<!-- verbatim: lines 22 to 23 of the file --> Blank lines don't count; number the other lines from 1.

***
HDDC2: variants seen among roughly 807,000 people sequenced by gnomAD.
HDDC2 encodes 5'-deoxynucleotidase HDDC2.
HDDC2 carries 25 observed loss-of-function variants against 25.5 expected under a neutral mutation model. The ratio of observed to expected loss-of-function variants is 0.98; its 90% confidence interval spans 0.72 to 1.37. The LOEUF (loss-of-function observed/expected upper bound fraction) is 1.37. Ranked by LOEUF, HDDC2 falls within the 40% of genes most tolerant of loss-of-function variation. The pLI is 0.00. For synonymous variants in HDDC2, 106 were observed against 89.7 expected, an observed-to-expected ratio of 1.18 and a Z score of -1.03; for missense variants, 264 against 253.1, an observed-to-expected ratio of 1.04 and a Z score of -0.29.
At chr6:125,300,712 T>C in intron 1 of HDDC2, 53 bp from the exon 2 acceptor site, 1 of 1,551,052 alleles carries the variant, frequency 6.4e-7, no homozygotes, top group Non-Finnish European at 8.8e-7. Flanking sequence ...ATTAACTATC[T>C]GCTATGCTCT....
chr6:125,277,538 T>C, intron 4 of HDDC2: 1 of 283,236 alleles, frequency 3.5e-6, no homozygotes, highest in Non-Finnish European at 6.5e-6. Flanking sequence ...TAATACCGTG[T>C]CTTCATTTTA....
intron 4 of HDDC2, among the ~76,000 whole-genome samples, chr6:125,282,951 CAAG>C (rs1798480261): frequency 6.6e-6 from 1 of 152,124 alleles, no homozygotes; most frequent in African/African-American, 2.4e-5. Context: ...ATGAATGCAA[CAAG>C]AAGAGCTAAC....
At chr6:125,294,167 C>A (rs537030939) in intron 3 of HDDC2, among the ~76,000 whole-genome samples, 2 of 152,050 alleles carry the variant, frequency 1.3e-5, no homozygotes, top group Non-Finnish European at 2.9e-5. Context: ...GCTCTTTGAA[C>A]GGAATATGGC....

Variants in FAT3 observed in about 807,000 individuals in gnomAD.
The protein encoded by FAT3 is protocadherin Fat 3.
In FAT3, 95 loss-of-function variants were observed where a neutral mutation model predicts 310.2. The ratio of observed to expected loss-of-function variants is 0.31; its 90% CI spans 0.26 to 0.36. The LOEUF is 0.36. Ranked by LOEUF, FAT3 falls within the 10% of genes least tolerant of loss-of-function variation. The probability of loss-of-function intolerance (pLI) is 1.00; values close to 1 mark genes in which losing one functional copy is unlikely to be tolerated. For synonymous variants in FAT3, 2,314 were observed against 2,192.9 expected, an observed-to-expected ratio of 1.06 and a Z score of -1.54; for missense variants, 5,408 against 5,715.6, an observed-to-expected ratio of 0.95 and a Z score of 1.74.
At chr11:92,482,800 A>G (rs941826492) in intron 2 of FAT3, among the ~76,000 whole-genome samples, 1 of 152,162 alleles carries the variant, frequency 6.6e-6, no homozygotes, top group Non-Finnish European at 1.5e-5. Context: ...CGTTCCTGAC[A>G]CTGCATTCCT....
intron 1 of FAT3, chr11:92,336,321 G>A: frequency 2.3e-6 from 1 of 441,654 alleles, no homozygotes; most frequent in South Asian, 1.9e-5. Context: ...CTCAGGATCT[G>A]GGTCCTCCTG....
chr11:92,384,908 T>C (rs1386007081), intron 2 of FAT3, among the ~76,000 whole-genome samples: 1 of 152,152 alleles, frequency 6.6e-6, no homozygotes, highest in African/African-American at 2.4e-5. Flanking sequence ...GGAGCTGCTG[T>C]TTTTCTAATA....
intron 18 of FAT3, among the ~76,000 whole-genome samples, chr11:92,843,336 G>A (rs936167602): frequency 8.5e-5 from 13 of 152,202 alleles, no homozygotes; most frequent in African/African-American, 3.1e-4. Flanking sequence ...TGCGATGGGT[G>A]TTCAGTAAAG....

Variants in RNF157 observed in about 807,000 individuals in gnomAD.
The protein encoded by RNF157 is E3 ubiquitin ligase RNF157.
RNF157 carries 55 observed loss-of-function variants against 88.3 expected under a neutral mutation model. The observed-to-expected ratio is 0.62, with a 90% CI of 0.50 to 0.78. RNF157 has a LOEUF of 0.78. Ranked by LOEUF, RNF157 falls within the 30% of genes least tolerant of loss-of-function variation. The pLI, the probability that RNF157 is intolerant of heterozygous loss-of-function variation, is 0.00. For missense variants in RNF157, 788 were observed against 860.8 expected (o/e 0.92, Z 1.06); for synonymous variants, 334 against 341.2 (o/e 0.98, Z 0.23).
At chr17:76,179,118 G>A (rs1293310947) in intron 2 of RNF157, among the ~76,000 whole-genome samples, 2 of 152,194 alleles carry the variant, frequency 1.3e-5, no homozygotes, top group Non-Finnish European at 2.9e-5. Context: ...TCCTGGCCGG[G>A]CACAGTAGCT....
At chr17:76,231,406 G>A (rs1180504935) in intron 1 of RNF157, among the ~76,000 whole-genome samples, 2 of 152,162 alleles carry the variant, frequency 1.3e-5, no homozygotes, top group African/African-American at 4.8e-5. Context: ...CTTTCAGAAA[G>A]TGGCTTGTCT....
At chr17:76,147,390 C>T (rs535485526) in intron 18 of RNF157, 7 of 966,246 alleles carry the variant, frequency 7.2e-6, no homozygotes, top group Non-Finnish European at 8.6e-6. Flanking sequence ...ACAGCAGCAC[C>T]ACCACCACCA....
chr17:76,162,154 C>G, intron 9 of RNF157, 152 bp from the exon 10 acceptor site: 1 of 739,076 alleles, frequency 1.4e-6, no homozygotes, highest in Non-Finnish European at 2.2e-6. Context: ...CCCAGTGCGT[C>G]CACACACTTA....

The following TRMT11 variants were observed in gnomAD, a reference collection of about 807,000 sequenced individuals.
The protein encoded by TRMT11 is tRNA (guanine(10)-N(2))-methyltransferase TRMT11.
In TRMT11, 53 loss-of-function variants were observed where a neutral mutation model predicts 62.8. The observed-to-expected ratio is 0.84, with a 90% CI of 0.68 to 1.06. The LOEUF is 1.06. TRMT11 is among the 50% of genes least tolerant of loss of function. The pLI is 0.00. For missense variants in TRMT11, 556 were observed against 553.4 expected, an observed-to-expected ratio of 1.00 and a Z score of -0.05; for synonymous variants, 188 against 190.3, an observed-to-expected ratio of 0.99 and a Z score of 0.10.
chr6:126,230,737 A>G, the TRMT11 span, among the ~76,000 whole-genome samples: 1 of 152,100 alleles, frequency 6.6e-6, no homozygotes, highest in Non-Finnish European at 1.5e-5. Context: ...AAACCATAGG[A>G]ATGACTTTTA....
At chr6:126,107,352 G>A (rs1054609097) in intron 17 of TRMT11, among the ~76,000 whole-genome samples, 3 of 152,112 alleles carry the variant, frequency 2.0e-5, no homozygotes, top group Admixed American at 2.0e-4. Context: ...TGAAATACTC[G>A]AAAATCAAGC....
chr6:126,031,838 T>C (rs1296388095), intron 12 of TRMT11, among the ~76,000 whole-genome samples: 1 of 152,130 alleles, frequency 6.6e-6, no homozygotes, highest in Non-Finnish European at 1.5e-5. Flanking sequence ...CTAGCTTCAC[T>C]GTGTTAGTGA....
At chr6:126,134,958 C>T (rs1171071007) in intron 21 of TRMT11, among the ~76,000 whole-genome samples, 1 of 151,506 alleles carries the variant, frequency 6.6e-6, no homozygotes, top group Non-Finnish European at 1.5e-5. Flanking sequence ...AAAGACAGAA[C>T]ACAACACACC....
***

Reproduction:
The following TRMT11 variants were observed in gnomAD, a reference collection of about 807,000 sequenced individuals.
The protein encoded by TRMT11 is tRNA (guanine(10)-N(2))-methyltransferase TRMT11.